Tax system’s overreliance on multinational companies and their employees poses serious risk – report – The Irish Times
An external shock to the multinational sector in the republic could have “serious repercussions” on public finances, a government report has warned.
The Treasury Department’s annual tax report said two of the state’s most important revenue streams, income tax and corporation tax, were now heavily concentrated around a narrow base employees and a handful of large companies, creating a “potential vulnerability” at the heart of the Irish tax system. He noted that around 500,000 taxpayers and just 10 companies accounted for more than a third of the €68.4 billion in taxes generated last year.
“Although income tax and corporation tax have proven stable during the pandemic – and have seen substantial growth during the recovery – the tax base of the two income streams remains very narrow,” says the report. He also warned that the risks inherent in the two tax bases were linked since more than 30% of income tax revenue and about 80% of corporate tax revenue is linked to foreign multinational companies.
“As such, a shock to FDI [foreign direct investment] would have significant negative implications for public finances through the two largest streams of state tax revenue,” he said. The government has been repeatedly warned of the concentration risk in corporate tax here, but the concentration risk inherent in the income tax system has received less scrutiny.
The report noted that the distribution of tax liabilities in the Republic was “significantly skewed in favor of high earners”, with the top 25% paying around 80% of income tax, while one in four taxpayers paid no little or no income tax. Employees of foreign-owned multinational companies accounted for about a third of all tax revenue. A shock that would affect the multinational and/or the top of the wage scale would have an extremely severe impact on income tax yield, the report warns.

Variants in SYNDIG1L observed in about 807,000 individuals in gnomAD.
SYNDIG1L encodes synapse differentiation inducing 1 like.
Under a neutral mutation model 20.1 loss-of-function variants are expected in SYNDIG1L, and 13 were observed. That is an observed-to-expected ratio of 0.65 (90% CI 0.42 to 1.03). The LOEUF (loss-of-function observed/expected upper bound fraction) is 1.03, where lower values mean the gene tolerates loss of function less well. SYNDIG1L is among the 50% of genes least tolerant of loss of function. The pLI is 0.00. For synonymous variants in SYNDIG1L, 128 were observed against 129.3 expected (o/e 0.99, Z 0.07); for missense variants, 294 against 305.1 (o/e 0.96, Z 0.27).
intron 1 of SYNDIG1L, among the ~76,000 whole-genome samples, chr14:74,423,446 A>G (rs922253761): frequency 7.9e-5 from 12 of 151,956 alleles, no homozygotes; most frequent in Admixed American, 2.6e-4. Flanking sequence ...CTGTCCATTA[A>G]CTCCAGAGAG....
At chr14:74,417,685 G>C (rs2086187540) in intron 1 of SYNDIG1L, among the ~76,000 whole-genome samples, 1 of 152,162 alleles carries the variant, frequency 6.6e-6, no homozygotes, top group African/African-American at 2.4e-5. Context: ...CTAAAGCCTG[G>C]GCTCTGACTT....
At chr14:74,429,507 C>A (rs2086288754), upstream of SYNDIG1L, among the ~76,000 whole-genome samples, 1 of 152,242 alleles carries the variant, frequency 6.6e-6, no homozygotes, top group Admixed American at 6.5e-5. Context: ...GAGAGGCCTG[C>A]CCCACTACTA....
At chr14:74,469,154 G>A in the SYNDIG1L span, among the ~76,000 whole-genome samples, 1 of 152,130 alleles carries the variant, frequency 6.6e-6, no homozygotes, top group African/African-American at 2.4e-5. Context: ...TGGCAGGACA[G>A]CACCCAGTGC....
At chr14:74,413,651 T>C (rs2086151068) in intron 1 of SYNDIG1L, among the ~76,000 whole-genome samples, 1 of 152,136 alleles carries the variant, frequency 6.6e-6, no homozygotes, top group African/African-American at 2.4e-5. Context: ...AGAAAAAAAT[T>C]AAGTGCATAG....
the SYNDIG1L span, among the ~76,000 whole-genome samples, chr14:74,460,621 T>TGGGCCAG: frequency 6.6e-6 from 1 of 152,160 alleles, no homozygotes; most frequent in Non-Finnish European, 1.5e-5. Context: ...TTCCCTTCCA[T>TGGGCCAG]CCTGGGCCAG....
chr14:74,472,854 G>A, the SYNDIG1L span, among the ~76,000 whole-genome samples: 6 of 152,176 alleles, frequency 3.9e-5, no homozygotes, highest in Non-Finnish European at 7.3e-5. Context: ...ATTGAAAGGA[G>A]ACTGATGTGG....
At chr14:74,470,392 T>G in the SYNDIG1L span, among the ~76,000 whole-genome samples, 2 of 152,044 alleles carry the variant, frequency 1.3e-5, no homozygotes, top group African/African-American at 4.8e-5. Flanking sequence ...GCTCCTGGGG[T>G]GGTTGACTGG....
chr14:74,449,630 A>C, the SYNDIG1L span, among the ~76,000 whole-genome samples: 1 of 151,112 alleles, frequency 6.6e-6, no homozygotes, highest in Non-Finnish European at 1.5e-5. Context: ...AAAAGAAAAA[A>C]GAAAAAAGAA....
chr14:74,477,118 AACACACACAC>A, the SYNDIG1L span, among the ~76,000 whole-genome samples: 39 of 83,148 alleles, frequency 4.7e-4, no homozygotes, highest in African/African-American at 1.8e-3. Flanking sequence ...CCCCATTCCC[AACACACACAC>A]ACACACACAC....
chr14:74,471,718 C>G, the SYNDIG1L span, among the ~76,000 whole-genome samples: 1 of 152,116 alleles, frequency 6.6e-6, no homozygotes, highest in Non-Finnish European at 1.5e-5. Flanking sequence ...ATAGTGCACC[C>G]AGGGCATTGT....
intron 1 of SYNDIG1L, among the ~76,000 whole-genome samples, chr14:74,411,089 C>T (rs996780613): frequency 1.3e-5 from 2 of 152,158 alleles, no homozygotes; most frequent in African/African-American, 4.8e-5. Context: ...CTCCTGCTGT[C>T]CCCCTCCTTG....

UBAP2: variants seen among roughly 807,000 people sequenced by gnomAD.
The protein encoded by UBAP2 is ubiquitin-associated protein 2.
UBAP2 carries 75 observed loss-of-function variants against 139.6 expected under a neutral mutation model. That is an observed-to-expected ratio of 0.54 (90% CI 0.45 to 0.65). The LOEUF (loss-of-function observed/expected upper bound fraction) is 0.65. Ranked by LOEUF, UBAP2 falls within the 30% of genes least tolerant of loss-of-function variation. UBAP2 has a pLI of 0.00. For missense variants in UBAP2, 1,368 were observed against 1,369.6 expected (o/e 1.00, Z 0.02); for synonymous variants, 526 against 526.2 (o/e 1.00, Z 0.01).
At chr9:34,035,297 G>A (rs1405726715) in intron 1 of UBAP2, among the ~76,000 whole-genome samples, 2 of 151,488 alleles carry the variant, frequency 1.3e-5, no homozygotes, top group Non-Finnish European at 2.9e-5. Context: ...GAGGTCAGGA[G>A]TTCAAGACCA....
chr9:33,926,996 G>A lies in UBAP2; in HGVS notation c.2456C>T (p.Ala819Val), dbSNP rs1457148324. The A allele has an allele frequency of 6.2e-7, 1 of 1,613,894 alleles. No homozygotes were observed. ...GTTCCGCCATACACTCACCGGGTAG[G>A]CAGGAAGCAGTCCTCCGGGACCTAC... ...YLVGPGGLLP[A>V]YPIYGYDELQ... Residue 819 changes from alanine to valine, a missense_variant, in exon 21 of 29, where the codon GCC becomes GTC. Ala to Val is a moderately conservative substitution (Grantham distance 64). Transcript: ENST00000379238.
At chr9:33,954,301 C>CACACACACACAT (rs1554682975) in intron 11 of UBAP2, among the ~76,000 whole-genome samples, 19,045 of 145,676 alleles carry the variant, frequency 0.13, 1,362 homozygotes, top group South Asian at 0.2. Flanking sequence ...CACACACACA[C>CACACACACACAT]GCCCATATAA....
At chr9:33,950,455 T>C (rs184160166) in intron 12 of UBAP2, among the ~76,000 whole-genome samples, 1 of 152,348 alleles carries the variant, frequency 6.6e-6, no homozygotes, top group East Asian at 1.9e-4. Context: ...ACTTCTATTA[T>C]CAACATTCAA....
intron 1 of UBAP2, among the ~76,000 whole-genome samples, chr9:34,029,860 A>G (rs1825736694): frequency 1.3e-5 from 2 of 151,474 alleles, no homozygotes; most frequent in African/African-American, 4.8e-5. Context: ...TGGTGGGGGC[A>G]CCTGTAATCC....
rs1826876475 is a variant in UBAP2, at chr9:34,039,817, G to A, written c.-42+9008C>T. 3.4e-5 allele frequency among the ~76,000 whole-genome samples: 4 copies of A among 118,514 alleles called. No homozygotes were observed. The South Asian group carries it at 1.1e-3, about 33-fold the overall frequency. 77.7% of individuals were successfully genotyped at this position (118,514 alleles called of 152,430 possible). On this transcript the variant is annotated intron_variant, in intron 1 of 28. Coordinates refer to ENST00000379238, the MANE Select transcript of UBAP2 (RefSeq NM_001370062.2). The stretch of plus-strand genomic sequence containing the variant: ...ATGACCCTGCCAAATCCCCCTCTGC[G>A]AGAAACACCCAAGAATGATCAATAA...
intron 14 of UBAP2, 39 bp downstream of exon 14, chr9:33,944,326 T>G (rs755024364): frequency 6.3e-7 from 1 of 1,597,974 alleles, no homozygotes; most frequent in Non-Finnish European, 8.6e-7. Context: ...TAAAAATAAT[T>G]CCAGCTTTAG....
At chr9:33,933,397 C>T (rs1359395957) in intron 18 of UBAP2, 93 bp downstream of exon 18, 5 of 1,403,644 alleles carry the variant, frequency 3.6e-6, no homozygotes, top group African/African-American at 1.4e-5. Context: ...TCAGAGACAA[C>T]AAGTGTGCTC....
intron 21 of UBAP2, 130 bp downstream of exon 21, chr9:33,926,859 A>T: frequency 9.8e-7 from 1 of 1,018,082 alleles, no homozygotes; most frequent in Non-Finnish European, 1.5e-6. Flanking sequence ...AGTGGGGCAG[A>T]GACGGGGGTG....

“Although many comments have focused on the potential loss of corporate tax revenue in the event of a shock to the multinational sector, i.e. a sudden reduction in FDI, this would also result in a very substantial loss for the multinational sector. ‘income tax [and PRSI] received,” he said. ‘Perhaps counterintuitively’ the narrow state tax base is what has served to insulate public finances during the pandemic, the report says, with increased profitability and rising wages, in particular in the multinational sector, boosting revenue.
Last year, corporate tax revenue was €4.4 billion (41%) higher than before the pandemic, mainly reflecting the importance of “climate-proof” sectors. pandemic” (pharma, med-tech, ICT) in Irish economic activity, according to the report, while Income tax receipts were €3.7 billion (16%) above their level immediately before the pandemic. “The resilience of the labor market, supported among other things by remote working in tax-rich and knowledge-intensive sectors, has been the key factor in the robustness of revenues,” he said.
The department’s report also provided a retrospective review of the extraordinary level of fiscal support the government has provided during the pandemic.
At 48 billion euros, more than a fifth of national income, the scale of this intervention was unprecedented, he said. The strong economic recovery that followed, notwithstanding the current inflation crisis, and the absence of any significant “scars” suggest that this approach was the appropriate course of action, the ministry concluded.
Finance Minister Paschal Donohoe said the report was an important contribution to discussions on how tax policy can respond to economic challenges and would complement the work of the Tax and Social Protection Commission.
“The analysis shows that, although the overall figures are very positive, our tax system contains significant structural vulnerabilities, particularly in terms of income tax and corporate tax. It is critical that we rebuild our fiscal buffers to ensure we are able to weather future shocks that may impact these revenues,” he said.